Ian Dwyer ’14
Much like the dice in his favorite game, Dungeons and Dragons, Ian Dwyer ’14 has multiple sides.
He built a home theater system that any gamer would drool over, yet he’d rather play board games. And while he spends much of his time behind computers in the Vis Lab, one of his favorite hobbies is fossil hunting on the old ski hill.
“I do like nature — my major basically requires it,” said Dwyer, who is majoring in the natural sciences with a concentration in marine and freshwater sciences.
In describing his room in the Newell Apartments, Dwyer rattles off the details of his home-theater setup: a 72-inch projection screen, five speaker channels plus two additional speakers, and an 18-inch subwoofer concert amp.
“I like to go overkill,” said Dwyer, who is from West Chazy, N.Y. He began with parts from yard sales and has been improving upon his system by adding more expensive parts as his wallet allows.
When he was a rising sophomore, Dwyer’s skills caught the attention of the students leading The Game’s Afoot, Colgate’s gaming society. They needed a new technology officer to run the lighting and sound at events.
Eventually becoming a club leader, Dwyer has helped The Game’s Afoot grow in numbers and gatherings. Now, he acts as a proconsul, training the students who will take over after he graduates. However, he still keeps the music and light show running smoothly for events like Nerf war raves — during which the Hall of Presidents turns dark, neon lights bounce off upturned tables used as barriers, and teams blast each other with foam darts. “I play sometimes, but my fun is watching and facilitating fun for other people,” Dwyer said.
He’s also been creating entertainment — but for educational purposes — as a content developer at Colgate’s Vis Lab in the Ho Science Center, using his computer to sculpt 3-D models and then animating them.
Most of Dwyer’s hours over the last four years have been dedicated to “Flight Through a Cell,” a project with biology professor Ken Belanger that will ultimately be a 15-minute show with different narration tracks to teach high school and college students. Dwyer learned the necessary software programs on his own, just as he taught himself to build home-theater systems.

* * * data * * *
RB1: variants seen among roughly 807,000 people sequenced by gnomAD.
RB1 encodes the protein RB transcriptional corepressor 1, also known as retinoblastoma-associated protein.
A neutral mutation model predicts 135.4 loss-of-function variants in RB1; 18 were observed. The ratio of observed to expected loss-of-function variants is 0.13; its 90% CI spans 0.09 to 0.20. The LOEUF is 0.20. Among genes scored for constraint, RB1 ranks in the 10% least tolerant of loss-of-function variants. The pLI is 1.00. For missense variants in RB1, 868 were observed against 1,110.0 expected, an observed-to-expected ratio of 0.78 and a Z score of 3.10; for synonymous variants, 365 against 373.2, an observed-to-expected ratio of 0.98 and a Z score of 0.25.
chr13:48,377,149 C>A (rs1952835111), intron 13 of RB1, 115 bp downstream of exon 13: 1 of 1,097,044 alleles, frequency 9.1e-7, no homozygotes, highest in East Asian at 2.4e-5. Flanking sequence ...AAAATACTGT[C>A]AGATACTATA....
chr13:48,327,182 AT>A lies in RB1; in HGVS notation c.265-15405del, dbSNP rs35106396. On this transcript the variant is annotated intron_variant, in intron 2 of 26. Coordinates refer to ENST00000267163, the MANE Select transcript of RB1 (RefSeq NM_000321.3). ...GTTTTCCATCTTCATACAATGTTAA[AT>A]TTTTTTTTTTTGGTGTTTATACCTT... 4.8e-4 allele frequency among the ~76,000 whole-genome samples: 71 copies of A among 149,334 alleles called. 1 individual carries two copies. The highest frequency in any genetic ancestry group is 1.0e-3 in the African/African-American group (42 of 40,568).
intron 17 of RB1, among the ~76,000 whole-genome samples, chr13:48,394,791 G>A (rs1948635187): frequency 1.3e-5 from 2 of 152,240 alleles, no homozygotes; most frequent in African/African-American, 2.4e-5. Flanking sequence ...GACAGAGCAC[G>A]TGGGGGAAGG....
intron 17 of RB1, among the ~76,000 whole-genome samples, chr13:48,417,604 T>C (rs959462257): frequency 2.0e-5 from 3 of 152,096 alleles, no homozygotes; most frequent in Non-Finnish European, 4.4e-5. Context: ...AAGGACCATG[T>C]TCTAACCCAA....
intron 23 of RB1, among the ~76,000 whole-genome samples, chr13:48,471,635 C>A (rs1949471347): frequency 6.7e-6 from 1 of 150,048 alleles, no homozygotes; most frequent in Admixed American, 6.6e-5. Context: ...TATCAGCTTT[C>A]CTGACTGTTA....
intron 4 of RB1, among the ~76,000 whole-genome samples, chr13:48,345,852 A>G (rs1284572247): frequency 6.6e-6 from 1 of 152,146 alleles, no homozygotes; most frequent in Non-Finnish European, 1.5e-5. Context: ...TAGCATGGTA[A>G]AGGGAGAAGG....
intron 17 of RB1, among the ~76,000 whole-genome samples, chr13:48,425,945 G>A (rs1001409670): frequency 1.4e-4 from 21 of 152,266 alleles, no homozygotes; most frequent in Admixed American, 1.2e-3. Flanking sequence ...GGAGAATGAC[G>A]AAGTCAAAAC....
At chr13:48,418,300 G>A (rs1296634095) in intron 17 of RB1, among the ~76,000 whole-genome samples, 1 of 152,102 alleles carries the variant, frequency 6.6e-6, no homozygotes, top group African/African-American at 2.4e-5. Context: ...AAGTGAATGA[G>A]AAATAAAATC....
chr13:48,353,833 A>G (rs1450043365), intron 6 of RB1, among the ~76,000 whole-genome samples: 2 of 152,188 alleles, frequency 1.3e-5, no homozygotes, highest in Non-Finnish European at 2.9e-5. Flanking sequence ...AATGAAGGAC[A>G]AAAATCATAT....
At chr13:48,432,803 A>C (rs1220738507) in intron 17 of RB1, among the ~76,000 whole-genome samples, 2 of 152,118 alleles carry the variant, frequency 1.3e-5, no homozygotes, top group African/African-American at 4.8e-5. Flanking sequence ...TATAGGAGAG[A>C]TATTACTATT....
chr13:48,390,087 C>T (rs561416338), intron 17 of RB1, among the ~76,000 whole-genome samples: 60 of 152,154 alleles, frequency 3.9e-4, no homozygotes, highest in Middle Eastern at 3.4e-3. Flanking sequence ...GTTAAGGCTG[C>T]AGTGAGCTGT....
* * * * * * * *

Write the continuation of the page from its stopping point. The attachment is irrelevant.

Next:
For as plugged in as he is, though, Dwyer likes his social life to exist in person, not online or through video games. In fact, he hasn’t played a video game in years. One of the first members of the new Trading Card Game Club on campus, Dwyer loves “all those really lame card games that nerds play.”
He prefers “analog gaming” — cards, board games, role playing in Dungeons and Dragons — because it’s more social, requiring a group of friends to interact on a personal level. “And I try to help new people learn games, because if you can get people into something you love, it’s just the best feeling,” Dwyer said.
That enthusiasm for sharing knowledge also shines through when he talks about working with the Vis Lab outreach program for K-12 students. Dwyer guides school groups through various demonstrations that teach scientific lessons ranging from plant growth to states of matter.
“My favorite part is when the group is clearly excited by the tour and asks good questions,” he said.
Sometimes, it’s the challenge of breaking down a seemingly simple answer for grade-schoolers. “Other times, questions can be complex,” he explained, “like ‘Why do dinosaurs have four toes?’ So I’ll have to get into evolutionary biology.”
The kids keep Dwyer on his toes, he said. “And I appreciate that. I feel like I’m helping to create a new generation of scientists by sharing my love for science.”
— Written by Aleta Mayne; Photo by Andrew Daddio